Jacqueline Lo obtained her B.S. in Molecular and Cell Biology at UC Berkeley before joining Molecular Biology Ph.D. program at the University of Southern California. As a graduate student, Jackie studied the role of the ubiquitin ligase complex WDR23-DDB1-CUL4 in the regulation of cytoprotective pathways in Dr. Sean Curran’s lab at USC. She discovered that the WDR23 complex negatively regulates NRF2, a transcription factor that responds to cellular stress. Jackie is currently a postdoc in the Garrison lab and is interested in how neuropeptide signaling is regulated and how these pathways are altered with age.
Wil Loveless Lab Technician
Wenke Wang, PhD Postdoctoral Research Scholar
Wenke received his PhD in biochemistry, molecular and cellular biology fromCornell University. During graduate school, he characterized the role of two highly homologous protein SET-9 and SET-26 in C. elegans. He is now a joint postdoc in Garrison and Brem lab. He is interested in studying the genetic basis for phenotypic differences between wild isolated worm strains.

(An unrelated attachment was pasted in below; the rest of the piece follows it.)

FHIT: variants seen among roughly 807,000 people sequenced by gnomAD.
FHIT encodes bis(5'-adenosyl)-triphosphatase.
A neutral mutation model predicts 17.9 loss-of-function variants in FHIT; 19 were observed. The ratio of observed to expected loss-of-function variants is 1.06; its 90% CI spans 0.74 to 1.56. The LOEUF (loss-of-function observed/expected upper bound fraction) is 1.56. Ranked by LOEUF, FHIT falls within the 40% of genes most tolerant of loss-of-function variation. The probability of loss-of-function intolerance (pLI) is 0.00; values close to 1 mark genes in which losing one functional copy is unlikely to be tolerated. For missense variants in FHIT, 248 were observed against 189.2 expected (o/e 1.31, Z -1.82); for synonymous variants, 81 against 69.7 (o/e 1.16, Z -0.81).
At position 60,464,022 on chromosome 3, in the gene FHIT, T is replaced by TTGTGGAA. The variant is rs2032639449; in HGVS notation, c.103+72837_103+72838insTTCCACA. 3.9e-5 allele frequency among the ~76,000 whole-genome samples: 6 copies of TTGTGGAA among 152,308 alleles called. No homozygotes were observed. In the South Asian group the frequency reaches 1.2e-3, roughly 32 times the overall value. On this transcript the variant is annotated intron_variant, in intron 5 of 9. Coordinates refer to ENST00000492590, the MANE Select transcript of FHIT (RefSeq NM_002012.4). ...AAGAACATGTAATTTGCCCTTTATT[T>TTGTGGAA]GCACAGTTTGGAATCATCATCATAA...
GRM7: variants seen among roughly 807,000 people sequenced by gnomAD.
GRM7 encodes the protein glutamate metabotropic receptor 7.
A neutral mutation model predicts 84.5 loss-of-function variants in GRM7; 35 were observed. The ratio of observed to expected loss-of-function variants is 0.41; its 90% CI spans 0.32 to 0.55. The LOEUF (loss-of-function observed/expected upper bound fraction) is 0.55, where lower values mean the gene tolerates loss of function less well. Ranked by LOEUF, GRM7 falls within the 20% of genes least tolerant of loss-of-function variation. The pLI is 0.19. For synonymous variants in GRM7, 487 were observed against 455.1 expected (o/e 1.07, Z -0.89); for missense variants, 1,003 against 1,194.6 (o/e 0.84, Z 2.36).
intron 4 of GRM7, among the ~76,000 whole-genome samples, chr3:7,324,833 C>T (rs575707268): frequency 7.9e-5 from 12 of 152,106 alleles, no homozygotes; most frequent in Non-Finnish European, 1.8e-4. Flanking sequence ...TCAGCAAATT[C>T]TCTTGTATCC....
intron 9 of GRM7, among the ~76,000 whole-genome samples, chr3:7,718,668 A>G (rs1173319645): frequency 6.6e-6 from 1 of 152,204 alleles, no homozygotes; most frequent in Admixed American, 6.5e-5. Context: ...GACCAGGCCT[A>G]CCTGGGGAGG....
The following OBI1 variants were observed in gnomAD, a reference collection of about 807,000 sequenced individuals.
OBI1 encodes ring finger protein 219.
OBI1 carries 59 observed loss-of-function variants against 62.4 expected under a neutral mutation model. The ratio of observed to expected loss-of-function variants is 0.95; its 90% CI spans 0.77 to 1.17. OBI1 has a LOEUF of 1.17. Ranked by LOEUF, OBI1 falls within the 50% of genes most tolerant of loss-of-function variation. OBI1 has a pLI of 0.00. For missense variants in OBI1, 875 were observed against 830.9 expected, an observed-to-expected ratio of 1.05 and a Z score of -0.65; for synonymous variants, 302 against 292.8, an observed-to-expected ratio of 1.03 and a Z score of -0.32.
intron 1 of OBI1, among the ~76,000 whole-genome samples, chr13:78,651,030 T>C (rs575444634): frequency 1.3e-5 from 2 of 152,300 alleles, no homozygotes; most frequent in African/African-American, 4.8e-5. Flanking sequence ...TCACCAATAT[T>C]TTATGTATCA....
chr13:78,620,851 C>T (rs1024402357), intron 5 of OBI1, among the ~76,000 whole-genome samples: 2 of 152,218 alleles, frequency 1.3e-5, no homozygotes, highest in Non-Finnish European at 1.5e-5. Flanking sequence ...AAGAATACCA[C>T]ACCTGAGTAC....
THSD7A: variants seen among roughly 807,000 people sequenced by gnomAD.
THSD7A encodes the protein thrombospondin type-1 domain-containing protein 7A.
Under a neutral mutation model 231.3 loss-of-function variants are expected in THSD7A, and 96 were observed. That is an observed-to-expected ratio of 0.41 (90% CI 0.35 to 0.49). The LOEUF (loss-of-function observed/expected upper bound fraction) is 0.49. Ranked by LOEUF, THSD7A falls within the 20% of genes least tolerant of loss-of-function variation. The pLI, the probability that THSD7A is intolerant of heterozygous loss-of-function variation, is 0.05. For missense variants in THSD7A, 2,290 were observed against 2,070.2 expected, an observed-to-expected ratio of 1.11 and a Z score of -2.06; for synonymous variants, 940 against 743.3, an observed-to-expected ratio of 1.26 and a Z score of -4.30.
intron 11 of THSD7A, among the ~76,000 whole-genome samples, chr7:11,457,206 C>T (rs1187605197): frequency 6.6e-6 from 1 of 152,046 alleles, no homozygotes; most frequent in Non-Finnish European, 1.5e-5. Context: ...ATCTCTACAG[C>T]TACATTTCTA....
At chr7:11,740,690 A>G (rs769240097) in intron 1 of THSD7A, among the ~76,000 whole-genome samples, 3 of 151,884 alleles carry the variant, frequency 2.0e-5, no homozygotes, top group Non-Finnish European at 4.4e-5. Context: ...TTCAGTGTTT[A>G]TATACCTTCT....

- Garrison, J. L., Knight, Z. A. (2017 Nov 10). Linking smell to metabolism and aging. Science, 358(6364), 718–19.
- Garrison, J. L., Macoscko, E. Z., Bernstein, S., Pokala, N., Albrecht, D. R., Bargmann, C. I. (2012 Oct 26). Oxytocin/vasopressin-related peptides have an ancient role in reproductive behavior. Science, 338(6106), 540–3.
- Knight, Z. A., Tan, K., Birsoy, K., Schmidt, S., Garrison, J. L., Wysocki, R. W., Emiliano, A., Ekstrand, M. I., Friedman, J. M. (2012 Nov 21). Molecular profiling of activated neurons by phosphorylated ribosome capture. Cell, 151(5), 1126–37.
- McGrath, P T., Xu, Y., Ailion, M., Garrison, J. L., Butcher, R. A., Bargmann, C. I. (2011 Aug 17). Parallel evolution of domesticated Caenorhabditis species targets pheromone receptor genes. Nature, 477(7364), 321–5.
- Bautista, D. M., Sigal, Y. M., Milstein, A. D., Garrison, J. L., Zorn, J. A., Tsuruda, P. R., Nicoll, R. A., Julius, D. (2008 Jul). Pungent agents from Szechuan peppers excite sensory neurons by inhibiting two-pore potassium channels. Nature Neuroscience, 11(7), 772–9.
- Garrison, J. L., Kunkel, E. J., Hegde, R. S., Taunton, J. (2005 Jul 14). A substrate-specific inhibitor of protein translocation into the endoplasmic reticulum. Nature, 436(7048), 285–9.
Dr. Garrison’s Pubmed link